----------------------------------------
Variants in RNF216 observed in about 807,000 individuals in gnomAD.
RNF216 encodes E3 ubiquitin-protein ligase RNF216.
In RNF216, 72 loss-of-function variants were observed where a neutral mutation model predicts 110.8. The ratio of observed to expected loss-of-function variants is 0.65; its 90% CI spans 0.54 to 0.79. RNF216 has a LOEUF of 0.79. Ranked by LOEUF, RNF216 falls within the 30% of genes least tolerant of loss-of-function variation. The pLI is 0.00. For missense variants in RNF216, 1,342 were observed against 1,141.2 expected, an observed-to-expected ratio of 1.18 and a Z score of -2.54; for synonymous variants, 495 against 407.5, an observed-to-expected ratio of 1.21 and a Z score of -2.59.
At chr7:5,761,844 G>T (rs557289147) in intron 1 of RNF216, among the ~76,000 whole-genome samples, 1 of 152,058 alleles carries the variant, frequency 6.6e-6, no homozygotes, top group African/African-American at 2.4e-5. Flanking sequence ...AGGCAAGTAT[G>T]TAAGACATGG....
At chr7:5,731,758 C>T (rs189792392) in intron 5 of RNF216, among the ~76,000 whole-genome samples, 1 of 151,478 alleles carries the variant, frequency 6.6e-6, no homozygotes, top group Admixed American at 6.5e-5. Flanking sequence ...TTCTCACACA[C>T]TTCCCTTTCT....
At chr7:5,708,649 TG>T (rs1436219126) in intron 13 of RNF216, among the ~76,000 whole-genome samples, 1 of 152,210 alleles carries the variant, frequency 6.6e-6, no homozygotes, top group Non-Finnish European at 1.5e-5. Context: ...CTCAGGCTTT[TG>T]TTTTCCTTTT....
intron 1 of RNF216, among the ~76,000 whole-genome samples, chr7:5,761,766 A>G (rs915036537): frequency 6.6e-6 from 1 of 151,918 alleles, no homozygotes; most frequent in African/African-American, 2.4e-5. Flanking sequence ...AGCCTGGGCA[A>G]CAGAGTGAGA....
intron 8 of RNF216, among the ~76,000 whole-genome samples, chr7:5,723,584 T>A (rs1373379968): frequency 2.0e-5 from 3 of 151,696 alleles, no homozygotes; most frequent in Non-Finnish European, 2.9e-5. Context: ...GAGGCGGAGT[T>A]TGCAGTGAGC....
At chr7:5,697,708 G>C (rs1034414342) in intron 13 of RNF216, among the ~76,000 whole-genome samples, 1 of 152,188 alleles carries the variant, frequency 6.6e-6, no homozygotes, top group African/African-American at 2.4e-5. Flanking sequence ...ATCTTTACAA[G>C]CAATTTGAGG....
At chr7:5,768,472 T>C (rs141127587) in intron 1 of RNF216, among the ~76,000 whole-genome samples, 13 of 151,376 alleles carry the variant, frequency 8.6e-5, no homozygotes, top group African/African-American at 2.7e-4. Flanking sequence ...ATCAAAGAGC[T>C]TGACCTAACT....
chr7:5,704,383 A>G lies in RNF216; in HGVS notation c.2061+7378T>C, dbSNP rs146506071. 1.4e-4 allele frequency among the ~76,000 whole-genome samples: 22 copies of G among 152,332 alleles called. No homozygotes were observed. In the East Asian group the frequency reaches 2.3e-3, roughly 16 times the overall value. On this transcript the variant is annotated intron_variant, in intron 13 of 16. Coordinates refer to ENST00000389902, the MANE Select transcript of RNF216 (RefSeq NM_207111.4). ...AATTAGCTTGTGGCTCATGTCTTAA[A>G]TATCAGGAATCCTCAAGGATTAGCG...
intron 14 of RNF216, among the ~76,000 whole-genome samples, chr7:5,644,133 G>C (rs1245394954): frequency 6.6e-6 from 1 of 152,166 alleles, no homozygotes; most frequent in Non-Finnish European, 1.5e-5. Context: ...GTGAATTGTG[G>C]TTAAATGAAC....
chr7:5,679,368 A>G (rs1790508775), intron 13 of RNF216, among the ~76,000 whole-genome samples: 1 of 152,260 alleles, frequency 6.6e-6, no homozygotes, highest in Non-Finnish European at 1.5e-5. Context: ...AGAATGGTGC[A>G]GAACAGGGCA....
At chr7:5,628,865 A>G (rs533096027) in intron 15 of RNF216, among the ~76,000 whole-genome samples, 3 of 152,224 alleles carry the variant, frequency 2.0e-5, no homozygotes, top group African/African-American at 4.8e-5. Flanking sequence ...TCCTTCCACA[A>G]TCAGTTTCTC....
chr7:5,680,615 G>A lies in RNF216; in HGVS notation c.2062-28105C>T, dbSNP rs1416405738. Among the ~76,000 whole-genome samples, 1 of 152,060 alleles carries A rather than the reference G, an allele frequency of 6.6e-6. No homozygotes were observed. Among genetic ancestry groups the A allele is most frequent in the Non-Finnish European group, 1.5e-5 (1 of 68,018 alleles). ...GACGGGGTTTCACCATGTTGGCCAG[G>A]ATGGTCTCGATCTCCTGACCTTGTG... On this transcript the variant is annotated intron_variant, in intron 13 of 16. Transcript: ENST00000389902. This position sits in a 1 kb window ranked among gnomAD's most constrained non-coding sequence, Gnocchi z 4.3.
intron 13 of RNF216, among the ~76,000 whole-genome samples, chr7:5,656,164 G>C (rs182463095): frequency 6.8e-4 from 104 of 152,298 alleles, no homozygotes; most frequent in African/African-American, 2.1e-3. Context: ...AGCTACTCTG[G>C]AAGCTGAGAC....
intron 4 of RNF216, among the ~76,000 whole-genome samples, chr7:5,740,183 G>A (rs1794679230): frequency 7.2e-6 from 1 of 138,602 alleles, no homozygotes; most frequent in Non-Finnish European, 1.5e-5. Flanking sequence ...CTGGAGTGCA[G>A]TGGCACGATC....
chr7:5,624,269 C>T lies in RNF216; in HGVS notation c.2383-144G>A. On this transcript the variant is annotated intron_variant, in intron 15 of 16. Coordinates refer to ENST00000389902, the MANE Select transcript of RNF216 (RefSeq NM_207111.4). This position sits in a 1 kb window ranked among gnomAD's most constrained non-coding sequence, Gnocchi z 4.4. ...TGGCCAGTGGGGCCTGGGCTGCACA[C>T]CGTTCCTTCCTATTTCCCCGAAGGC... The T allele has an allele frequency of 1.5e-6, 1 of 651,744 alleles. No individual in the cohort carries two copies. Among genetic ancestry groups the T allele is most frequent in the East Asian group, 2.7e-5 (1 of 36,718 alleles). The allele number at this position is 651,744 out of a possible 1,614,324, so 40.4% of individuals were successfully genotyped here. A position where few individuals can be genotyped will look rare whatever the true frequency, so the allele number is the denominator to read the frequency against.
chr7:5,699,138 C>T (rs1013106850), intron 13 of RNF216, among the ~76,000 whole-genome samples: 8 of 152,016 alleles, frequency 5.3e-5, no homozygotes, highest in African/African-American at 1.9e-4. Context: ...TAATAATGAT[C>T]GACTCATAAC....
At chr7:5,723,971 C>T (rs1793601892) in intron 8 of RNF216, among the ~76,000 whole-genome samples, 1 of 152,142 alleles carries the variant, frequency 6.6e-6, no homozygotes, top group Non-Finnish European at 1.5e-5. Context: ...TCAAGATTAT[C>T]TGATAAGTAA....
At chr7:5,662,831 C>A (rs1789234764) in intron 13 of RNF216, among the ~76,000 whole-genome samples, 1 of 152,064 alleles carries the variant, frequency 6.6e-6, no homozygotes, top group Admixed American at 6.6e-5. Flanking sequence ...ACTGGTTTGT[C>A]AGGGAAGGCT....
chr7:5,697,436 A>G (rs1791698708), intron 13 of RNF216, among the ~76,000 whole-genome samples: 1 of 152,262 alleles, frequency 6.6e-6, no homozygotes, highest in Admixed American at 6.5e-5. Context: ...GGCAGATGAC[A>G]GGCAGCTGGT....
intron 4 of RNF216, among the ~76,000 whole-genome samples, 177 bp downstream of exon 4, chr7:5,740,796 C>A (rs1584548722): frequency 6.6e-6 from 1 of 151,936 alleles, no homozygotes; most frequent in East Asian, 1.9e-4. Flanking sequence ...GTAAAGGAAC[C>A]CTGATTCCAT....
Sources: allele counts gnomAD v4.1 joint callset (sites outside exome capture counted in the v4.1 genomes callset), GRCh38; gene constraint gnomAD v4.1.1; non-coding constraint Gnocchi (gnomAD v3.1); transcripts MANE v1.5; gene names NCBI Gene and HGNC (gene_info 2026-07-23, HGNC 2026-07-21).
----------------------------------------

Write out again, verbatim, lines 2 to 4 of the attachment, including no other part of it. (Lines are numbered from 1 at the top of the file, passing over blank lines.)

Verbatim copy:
RNF216 encodes E3 ubiquitin-protein ligase RNF216.
In RNF216, 72 loss-of-function variants were observed where a neutral mutation model predicts 110.8. The ratio of observed to expected loss-of-function variants is 0.65; its 90% CI spans 0.54 to 0.79. RNF216 has a LOEUF of 0.79. Ranked by LOEUF, RNF216 falls within the 30% of genes least tolerant of loss-of-function variation. The pLI is 0.00. For missense variants in RNF216, 1,342 were observed against 1,141.2 expected, an observed-to-expected ratio of 1.18 and a Z score of -2.54; for synonymous variants, 495 against 407.5, an observed-to-expected ratio of 1.21 and a Z score of -2.59.
At chr7:5,761,844 G>T (rs557289147) in intron 1 of RNF216, among the ~76,000 whole-genome samples, 1 of 152,058 alleles carries the variant, frequency 6.6e-6, no homozygotes, top group African/African-American at 2.4e-5. Flanking sequence ...AGGCAAGTAT[G>T]TAAGACATGG....